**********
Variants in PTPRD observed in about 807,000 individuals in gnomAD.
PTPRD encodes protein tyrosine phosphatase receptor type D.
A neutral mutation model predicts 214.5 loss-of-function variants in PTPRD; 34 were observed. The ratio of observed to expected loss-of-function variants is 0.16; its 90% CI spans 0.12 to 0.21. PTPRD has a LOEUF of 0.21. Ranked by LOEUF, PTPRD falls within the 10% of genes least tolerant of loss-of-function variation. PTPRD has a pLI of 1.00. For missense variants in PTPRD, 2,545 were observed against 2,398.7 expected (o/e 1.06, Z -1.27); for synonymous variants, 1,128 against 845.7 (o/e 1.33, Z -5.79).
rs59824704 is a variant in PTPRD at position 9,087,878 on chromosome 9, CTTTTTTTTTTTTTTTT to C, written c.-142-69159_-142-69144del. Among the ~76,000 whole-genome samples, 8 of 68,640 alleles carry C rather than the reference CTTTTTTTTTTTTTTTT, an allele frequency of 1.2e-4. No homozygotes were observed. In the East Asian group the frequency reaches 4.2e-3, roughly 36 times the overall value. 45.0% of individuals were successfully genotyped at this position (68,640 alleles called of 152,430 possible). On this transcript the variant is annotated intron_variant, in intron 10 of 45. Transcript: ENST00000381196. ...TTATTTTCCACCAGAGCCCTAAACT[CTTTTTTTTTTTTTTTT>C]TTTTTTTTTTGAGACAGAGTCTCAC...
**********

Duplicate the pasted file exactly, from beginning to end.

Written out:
Variants in PTPRD observed in about 807,000 individuals in gnomAD.
PTPRD encodes protein tyrosine phosphatase receptor type D.
A neutral mutation model predicts 214.5 loss-of-function variants in PTPRD; 34 were observed. The ratio of observed to expected loss-of-function variants is 0.16; its 90% CI spans 0.12 to 0.21. PTPRD has a LOEUF of 0.21. Ranked by LOEUF, PTPRD falls within the 10% of genes least tolerant of loss-of-function variation. PTPRD has a pLI of 1.00. For missense variants in PTPRD, 2,545 were observed against 2,398.7 expected (o/e 1.06, Z -1.27); for synonymous variants, 1,128 against 845.7 (o/e 1.33, Z -5.79).
rs59824704 is a variant in PTPRD at position 9,087,878 on chromosome 9, CTTTTTTTTTTTTTTTT to C, written c.-142-69159_-142-69144del. Among the ~76,000 whole-genome samples, 8 of 68,640 alleles carry C rather than the reference CTTTTTTTTTTTTTTTT, an allele frequency of 1.2e-4. No homozygotes were observed. In the East Asian group the frequency reaches 4.2e-3, roughly 36 times the overall value. 45.0% of individuals were successfully genotyped at this position (68,640 alleles called of 152,430 possible). On this transcript the variant is annotated intron_variant, in intron 10 of 45. Transcript: ENST00000381196. ...TTATTTTCCACCAGAGCCCTAAACT[CTTTTTTTTTTTTTTTT>C]TTTTTTTTTTGAGACAGAGTCTCAC...